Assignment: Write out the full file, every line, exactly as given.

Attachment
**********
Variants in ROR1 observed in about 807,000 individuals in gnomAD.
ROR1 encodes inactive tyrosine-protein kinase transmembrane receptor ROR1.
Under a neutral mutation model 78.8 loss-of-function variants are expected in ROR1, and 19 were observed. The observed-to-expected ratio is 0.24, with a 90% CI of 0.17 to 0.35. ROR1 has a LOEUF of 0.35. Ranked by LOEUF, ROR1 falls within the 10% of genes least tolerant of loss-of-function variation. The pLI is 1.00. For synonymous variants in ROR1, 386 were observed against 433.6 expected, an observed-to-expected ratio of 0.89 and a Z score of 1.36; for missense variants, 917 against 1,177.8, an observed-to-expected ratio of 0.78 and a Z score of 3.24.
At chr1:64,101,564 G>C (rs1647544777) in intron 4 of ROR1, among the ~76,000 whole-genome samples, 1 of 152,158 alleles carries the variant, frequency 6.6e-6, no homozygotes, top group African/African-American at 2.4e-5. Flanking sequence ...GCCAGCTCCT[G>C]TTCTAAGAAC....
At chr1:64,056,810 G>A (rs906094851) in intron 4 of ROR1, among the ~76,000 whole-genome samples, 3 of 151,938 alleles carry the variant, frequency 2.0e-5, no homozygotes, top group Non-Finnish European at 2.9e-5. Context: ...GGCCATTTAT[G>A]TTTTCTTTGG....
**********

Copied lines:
Variants in ROR1 observed in about 807,000 individuals in gnomAD.
ROR1 encodes inactive tyrosine-protein kinase transmembrane receptor ROR1.
Under a neutral mutation model 78.8 loss-of-function variants are expected in ROR1, and 19 were observed. The observed-to-expected ratio is 0.24, with a 90% CI of 0.17 to 0.35. ROR1 has a LOEUF of 0.35. Ranked by LOEUF, ROR1 falls within the 10% of genes least tolerant of loss-of-function variation. The pLI is 1.00. For synonymous variants in ROR1, 386 were observed against 433.6 expected, an observed-to-expected ratio of 0.89 and a Z score of 1.36; for missense variants, 917 against 1,177.8, an observed-to-expected ratio of 0.78 and a Z score of 3.24.
At chr1:64,101,564 G>C (rs1647544777) in intron 4 of ROR1, among the ~76,000 whole-genome samples, 1 of 152,158 alleles carries the variant, frequency 6.6e-6, no homozygotes, top group African/African-American at 2.4e-5. Flanking sequence ...GCCAGCTCCT[G>C]TTCTAAGAAC....
At chr1:64,056,810 G>A (rs906094851) in intron 4 of ROR1, among the ~76,000 whole-genome samples, 3 of 151,938 alleles carry the variant, frequency 2.0e-5, no homozygotes, top group Non-Finnish European at 2.9e-5. Context: ...GGCCATTTAT[G>A]TTTTCTTTGG....